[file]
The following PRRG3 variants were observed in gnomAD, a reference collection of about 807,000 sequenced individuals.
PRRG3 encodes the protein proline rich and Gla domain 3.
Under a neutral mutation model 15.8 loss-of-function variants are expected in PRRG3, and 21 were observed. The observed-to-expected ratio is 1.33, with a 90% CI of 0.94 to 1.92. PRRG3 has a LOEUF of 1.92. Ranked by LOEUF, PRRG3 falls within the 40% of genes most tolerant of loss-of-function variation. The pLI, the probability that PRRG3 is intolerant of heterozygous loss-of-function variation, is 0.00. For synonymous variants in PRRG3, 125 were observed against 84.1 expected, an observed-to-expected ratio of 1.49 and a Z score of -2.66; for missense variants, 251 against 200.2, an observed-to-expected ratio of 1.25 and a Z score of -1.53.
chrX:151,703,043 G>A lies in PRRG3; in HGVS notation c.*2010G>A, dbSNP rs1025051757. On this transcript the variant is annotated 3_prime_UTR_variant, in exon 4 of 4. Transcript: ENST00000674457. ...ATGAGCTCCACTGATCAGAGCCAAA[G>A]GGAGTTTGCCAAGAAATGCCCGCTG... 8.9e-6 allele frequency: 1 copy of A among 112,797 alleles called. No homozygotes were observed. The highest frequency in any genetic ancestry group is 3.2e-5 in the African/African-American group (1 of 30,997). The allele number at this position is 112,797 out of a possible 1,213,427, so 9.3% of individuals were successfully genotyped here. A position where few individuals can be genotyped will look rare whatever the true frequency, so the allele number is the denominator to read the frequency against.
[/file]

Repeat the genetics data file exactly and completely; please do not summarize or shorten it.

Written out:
The following PRRG3 variants were observed in gnomAD, a reference collection of about 807,000 sequenced individuals.
PRRG3 encodes the protein proline rich and Gla domain 3.
Under a neutral mutation model 15.8 loss-of-function variants are expected in PRRG3, and 21 were observed. The observed-to-expected ratio is 1.33, with a 90% CI of 0.94 to 1.92. PRRG3 has a LOEUF of 1.92. Ranked by LOEUF, PRRG3 falls within the 40% of genes most tolerant of loss-of-function variation. The pLI, the probability that PRRG3 is intolerant of heterozygous loss-of-function variation, is 0.00. For synonymous variants in PRRG3, 125 were observed against 84.1 expected, an observed-to-expected ratio of 1.49 and a Z score of -2.66; for missense variants, 251 against 200.2, an observed-to-expected ratio of 1.25 and a Z score of -1.53.
chrX:151,703,043 G>A lies in PRRG3; in HGVS notation c.*2010G>A, dbSNP rs1025051757. On this transcript the variant is annotated 3_prime_UTR_variant, in exon 4 of 4. Transcript: ENST00000674457. ...ATGAGCTCCACTGATCAGAGCCAAA[G>A]GGAGTTTGCCAAGAAATGCCCGCTG... 8.9e-6 allele frequency: 1 copy of A among 112,797 alleles called. No homozygotes were observed. The highest frequency in any genetic ancestry group is 3.2e-5 in the African/African-American group (1 of 30,997). The allele number at this position is 112,797 out of a possible 1,213,427, so 9.3% of individuals were successfully genotyped here. A position where few individuals can be genotyped will look rare whatever the true frequency, so the allele number is the denominator to read the frequency against.